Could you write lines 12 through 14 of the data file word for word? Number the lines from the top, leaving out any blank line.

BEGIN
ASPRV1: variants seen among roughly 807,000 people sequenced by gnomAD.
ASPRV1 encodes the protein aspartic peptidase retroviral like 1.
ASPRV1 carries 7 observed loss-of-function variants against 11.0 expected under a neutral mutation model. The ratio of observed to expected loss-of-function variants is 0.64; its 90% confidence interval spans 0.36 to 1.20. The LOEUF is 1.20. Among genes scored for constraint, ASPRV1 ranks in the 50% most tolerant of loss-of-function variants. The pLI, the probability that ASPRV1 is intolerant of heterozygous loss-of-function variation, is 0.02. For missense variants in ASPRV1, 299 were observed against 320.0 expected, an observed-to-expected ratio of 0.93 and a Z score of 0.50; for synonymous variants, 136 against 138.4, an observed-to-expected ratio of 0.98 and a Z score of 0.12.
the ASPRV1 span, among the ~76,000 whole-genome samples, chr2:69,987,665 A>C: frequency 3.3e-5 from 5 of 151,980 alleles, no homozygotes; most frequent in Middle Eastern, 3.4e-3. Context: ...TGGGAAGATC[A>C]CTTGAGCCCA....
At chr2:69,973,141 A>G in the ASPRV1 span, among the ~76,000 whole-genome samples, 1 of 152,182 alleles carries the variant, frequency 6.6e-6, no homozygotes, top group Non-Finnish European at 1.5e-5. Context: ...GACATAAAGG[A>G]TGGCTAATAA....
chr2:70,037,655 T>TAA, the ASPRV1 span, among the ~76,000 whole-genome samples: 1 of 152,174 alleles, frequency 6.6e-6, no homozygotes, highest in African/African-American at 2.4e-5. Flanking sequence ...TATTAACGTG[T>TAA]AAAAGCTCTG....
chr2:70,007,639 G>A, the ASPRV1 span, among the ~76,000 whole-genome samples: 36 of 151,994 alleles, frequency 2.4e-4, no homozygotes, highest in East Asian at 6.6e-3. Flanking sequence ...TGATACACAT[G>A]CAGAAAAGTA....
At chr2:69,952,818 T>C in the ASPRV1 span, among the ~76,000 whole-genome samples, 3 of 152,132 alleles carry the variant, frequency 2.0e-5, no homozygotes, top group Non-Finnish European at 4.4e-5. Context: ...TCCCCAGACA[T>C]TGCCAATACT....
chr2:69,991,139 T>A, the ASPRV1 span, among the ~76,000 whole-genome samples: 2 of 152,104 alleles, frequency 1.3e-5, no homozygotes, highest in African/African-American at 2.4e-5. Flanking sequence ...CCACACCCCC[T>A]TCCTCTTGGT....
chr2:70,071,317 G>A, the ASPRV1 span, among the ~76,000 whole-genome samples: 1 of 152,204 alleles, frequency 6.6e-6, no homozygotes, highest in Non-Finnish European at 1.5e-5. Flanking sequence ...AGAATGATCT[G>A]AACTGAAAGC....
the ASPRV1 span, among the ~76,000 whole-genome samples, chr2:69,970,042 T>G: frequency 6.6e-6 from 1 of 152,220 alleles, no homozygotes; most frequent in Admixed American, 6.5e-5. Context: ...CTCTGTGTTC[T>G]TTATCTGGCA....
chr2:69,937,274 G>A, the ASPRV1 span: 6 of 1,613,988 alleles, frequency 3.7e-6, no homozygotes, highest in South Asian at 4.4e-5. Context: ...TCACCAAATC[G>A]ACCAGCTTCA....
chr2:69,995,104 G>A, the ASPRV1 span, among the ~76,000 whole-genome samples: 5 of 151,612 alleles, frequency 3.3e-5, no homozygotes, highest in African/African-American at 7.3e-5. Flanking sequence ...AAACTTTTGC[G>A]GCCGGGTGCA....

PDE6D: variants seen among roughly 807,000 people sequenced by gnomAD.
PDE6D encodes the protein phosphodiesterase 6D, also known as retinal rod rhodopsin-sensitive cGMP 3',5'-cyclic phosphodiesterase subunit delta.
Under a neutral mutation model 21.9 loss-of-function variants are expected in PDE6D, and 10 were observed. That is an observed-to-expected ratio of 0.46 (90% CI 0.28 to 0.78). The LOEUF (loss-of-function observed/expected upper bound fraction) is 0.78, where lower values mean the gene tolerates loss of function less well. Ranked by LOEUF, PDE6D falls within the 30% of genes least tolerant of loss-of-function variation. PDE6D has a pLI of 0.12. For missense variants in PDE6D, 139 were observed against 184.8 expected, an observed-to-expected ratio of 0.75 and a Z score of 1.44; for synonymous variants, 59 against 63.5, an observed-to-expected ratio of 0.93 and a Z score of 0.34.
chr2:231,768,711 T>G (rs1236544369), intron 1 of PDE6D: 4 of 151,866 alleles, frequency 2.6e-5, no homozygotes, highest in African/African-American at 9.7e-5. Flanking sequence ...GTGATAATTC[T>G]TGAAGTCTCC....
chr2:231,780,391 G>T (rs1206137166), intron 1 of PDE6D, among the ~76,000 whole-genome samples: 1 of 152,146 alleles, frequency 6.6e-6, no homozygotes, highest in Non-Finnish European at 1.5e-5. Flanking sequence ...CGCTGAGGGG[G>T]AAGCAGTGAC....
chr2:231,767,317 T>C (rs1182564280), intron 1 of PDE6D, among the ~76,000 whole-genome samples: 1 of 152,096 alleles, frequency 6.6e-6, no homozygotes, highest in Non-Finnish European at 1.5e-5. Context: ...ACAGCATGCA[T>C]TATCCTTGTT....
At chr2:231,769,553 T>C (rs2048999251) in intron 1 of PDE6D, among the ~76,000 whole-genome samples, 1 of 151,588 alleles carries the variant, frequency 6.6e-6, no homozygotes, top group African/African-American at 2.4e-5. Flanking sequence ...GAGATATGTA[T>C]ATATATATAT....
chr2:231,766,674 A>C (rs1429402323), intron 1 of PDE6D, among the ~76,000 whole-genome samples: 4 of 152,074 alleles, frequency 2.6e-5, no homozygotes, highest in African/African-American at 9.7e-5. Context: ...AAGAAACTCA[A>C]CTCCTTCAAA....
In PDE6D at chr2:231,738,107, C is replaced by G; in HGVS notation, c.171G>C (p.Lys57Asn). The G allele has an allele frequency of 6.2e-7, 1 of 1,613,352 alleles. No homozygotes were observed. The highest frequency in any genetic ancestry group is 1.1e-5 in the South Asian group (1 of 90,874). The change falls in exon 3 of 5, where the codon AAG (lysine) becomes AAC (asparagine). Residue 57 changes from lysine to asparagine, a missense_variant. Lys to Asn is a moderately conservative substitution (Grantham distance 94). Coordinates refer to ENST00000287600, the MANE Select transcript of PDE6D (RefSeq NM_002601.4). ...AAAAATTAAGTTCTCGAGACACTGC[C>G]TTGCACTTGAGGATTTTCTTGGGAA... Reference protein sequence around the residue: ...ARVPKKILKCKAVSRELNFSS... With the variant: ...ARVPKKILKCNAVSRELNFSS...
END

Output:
chr2:69,937,274 G>A, the ASPRV1 span: 6 of 1,613,988 alleles, frequency 3.7e-6, no homozygotes, highest in South Asian at 4.4e-5. Context: ...TCACCAAATC[G>A]ACCAGCTTCA....
chr2:69,995,104 G>A, the ASPRV1 span, among the ~76,000 whole-genome samples: 5 of 151,612 alleles, frequency 3.3e-5, no homozygotes, highest in African/African-American at 7.3e-5. Flanking sequence ...AAACTTTTGC[G>A]GCCGGGTGCA....

PDE6D: variants seen among roughly 807,000 people sequenced by gnomAD.